The U.S. Food and Drug Administration (FDA) is committed to keeping the public updated on advances and shifts in treatment options and methods. The FDA is reviewing data that suggest use of the HIV drug Invirase (saquinavir) in combination with Norvir (ritonavir) may have a potentially serious effect on a patient’s heart.
The data, drawn from clinical trials, indicate that the two drugs taken together may affect the normal electrical activity of the heart.
Invirase and Norvir are antiviral medications used to treat HIV infection. Norvir is given at a low dose with Invirase in order to increase the level of Invirase in the body, a process known as “boosting.”
The abnormal electrical activity of the heart possibly associated with these drugs, called prolonged QT or PR intervals, can be seen on an electrocardiogram. A prolonged QT interval can increase the risk for abnormal heart rhythms, including a serious abnormal rhythm called torsades de pointes.
A prolonged PR interval can cause the electrical signal responsible for generating a heart beat to slow or even stop. This is called heart block and it can affect how well the heart pumps blood.
The FDA’s analysis of these data is ongoing. However, health care professionals and their patients should be aware of this potential risk for abnormal electrical activity of the heart.
Invirase and Norvir should not be used in patients already taking medications known to cause QT interval prolongation. These medications include Class IA antiarrhythmic drugs such as quinidine and Class III antiarrhythmics such as amiodarone. The Invirase and Norvir combination also should not be used in patients with a history of QT interval prolongation.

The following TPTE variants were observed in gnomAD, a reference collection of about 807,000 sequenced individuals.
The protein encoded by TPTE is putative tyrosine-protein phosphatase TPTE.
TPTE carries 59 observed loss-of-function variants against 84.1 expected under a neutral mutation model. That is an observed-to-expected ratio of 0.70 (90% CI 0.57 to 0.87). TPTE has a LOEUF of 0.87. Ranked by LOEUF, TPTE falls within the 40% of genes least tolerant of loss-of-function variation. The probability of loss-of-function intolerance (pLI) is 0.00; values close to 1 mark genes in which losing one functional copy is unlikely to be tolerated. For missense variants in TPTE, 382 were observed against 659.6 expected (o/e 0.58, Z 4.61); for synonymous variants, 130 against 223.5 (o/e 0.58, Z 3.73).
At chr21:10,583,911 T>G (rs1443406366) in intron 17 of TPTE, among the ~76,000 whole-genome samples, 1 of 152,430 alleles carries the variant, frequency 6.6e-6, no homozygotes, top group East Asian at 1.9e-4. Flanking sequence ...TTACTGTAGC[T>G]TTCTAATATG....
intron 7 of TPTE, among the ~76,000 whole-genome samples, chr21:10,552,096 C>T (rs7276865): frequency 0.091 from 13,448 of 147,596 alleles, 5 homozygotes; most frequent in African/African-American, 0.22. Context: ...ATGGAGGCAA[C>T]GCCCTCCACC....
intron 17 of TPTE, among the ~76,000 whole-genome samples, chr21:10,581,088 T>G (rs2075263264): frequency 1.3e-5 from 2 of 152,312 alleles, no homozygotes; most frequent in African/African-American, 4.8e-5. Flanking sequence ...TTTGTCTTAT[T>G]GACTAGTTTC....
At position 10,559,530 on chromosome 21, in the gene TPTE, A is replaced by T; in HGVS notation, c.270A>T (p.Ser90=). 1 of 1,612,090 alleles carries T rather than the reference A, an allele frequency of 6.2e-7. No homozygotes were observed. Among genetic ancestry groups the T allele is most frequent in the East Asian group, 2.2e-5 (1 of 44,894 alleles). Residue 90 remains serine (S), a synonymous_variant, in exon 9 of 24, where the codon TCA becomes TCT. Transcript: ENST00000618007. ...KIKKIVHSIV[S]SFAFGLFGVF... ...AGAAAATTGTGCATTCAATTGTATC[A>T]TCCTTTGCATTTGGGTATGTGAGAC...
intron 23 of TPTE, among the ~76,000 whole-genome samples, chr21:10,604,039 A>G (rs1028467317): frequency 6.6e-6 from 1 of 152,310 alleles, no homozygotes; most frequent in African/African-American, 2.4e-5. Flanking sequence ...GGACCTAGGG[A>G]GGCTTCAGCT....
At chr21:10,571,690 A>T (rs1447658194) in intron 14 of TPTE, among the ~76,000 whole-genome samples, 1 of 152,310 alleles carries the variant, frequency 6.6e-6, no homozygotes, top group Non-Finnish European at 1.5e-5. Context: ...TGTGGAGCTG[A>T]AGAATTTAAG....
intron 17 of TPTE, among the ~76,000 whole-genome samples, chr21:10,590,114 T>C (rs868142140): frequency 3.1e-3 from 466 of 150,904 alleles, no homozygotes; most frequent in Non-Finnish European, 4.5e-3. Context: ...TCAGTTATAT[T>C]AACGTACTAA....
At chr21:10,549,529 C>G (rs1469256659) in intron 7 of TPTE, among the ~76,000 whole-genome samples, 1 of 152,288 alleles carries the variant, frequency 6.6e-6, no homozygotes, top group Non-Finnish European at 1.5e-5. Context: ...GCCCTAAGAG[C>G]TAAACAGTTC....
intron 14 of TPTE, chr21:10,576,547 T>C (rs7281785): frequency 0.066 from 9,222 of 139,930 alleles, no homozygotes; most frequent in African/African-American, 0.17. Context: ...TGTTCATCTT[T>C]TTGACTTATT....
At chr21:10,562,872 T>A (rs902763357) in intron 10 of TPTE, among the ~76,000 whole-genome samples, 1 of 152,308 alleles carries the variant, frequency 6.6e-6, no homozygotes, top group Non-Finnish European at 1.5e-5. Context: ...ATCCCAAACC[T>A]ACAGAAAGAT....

The FDA safety announcement says that patients should not stop taking their prescribed antiviral medications. Those concerned about possible risks associated with using Invirase and Norvir should talk to their health care professional.
This communication is in keeping with FDA’s commitment to inform the public about its ongoing safety review of drugs. The agency will update the public as soon as this review is complete.
Here’s an overview of the FDA safety announcement for Patients
Those currently using Invirase should:
- Not stop taking Invirase without talking with their health care professional
- Discuss any questions or concerns they have about Invirase with their health care professional
- Review their cardiovascular medical history and current medications with their health care professional to determine if they should continue using Invirase
- Report any side effects with Invirase to FDA’s MedWatch program online at https://www.accessdata.fda.gov/scripts/medwatch/medwatch-online.htm or call 800-332-1088. You may fax the report to 800-332-0178.
Information for Health Care Professionals
The FDA recommends that health care professionals:
- Not use Invirase in patients with a history of QT interval prolongation, pre-existing conduction system disease, ischemic heart disease, cardiomyopathy, or underlying structural heart disease.
- Not use Invirase in patients who are currently using Class IA (such as quinidine) or Class III (such as amiodarone) antiarrhythmic drugs or other drugs that may prolong the QT or PR interval.
- Report any adverse events with the use of Invirase to FDA’s MedWatch program online at https://www.accessdata.fda.gov/scripts/medwatch/medwatch-online.htm or call 800-332-1088. You may fax the report to 800-332-0178.
Here’s the link to the Safety Announcement on the FDA Web site: http://www.fda.gov/Drugs/DrugSafety/PostmarketDrugSafetyInformationforPatientsandProviders/ucm201221.htm